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Four ways to revise scenes

So much of writing is actually revising. Whether you’re writing a poem, science fiction novel, essay, memoir or short story, writing and rewriting is where you fully discover your story and add emotional meaning and depth to your work. Revision is where you have epiphanies about your characters, see new themes, find ways to add symbolism and more. Author Anne Lamott illustrated this idea when she said:

“When I was a young writer, I was talking to an old painter one day about how he came to paint his canvases. He said that he never knew what the completed picture would look like, but he could usually see one quadrant. So he’d make a stab at capturing what he saw on the canvas of his mind, and when it turned out not to be even remotely what he’d imagined, he’d paint it over with white. And each time he figured out what the painting wasn’t, he was one step closer to finding out what it was.”

Whether you plot and plan out your book before you type the first word or just dive right in, you’ll find rewriting a necessary part of the writing process as you figure out what your “completed picture” looks like. The elements below can serve as a mini checklist or starting point as you work through scene revisions.

1. Does each scene advance the story? Does it fall in logical order in the manuscript? Great scenes have many elements that work together to make them effective. Look at each scene big picture. You may even find you don’t need every scene and you can use summary instead. What is the function of each scene? Does it connect to your story’s overarching themes? Does it live up to its promise?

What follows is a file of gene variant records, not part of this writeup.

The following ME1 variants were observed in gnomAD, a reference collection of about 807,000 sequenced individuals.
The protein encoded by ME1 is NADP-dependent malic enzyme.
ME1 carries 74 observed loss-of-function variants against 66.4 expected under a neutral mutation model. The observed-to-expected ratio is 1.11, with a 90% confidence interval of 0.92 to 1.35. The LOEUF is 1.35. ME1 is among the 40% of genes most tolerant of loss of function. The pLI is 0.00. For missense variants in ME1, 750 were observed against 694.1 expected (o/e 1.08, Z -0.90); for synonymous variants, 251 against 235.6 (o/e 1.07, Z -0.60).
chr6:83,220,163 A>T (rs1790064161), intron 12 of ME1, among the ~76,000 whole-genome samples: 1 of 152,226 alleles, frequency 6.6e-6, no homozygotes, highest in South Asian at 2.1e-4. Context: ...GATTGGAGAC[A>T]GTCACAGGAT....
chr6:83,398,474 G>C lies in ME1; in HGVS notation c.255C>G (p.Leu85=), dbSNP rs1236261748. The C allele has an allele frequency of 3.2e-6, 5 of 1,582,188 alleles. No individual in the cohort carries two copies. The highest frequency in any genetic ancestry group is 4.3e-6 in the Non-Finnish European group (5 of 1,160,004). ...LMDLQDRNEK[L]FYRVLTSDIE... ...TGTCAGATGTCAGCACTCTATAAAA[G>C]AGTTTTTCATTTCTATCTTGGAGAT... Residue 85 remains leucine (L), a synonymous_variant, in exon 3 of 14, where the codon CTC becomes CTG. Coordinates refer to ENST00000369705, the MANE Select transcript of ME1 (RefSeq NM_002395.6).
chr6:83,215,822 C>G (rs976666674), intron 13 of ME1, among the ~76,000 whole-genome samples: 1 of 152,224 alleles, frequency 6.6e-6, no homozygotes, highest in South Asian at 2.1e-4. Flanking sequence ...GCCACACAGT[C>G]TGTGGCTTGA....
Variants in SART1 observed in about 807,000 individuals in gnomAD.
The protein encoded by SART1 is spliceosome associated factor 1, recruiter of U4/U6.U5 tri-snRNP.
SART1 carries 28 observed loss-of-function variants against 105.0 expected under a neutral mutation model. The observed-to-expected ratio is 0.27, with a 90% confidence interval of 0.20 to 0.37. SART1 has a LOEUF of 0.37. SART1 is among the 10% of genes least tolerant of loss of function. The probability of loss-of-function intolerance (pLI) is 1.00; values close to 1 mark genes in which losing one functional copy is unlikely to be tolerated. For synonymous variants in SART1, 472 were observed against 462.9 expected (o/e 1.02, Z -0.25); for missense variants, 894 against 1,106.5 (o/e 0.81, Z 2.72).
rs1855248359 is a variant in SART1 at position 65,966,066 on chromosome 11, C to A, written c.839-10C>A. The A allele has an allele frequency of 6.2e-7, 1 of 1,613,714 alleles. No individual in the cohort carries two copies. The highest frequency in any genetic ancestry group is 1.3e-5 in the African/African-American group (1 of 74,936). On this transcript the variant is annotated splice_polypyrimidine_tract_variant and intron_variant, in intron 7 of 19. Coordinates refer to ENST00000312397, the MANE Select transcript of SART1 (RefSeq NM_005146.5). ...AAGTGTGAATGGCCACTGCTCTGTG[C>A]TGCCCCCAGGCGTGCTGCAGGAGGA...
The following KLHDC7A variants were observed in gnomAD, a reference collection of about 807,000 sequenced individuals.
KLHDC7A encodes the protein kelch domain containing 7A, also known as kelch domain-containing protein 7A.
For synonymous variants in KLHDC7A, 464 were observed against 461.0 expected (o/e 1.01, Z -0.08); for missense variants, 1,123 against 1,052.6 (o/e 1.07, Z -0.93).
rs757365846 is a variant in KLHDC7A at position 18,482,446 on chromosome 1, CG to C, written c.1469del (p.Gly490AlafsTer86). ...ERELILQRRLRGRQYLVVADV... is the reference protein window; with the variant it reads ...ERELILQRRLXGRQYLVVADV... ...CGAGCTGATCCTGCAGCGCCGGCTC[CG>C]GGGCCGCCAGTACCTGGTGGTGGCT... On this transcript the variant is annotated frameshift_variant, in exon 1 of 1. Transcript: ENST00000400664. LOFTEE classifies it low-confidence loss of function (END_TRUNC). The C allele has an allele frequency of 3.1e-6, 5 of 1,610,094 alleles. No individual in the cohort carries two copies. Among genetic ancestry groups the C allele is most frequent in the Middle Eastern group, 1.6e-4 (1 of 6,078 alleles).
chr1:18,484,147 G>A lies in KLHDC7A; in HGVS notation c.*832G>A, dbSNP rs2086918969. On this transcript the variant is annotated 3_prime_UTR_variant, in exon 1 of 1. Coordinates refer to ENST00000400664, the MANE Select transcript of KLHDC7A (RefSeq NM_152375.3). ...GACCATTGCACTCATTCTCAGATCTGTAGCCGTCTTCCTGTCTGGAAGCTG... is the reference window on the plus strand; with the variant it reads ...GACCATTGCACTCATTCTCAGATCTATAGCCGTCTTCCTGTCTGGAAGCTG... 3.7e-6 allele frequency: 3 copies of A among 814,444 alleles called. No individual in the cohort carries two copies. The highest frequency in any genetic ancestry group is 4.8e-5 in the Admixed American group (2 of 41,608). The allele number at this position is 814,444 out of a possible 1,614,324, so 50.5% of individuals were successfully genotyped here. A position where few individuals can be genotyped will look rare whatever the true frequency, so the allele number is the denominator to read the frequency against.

2. Check the tension level. Interestingly, slowing down action in a scene sometimes has a way of amping the energy and suspense. You may need to slow down and write out some scenes in more detail. Conversely, check to see if you’ve overwritten your scene by digressing or offering too much detail.  For example, if you’re moving a character from one place to another, you don’t need to explain how they opened the door, went down the sidewalk and got in their car. Finding the right balance of conflict and detail creates tension in your story.

3. How do your characters change? Each scene should peak and characters should come out changed on the other side. What belief, need, or desire does your protagonist feel that will drive the “pulse” of the scene as events play out?

4. Review your scenes for sensory details. Using all the senses helps you show instead of tell your story, and in turn help readers enter the story world you’re creating.

Coming up: More manuscript revision strategies. Until then, what techniques have you used to revise your drafts?


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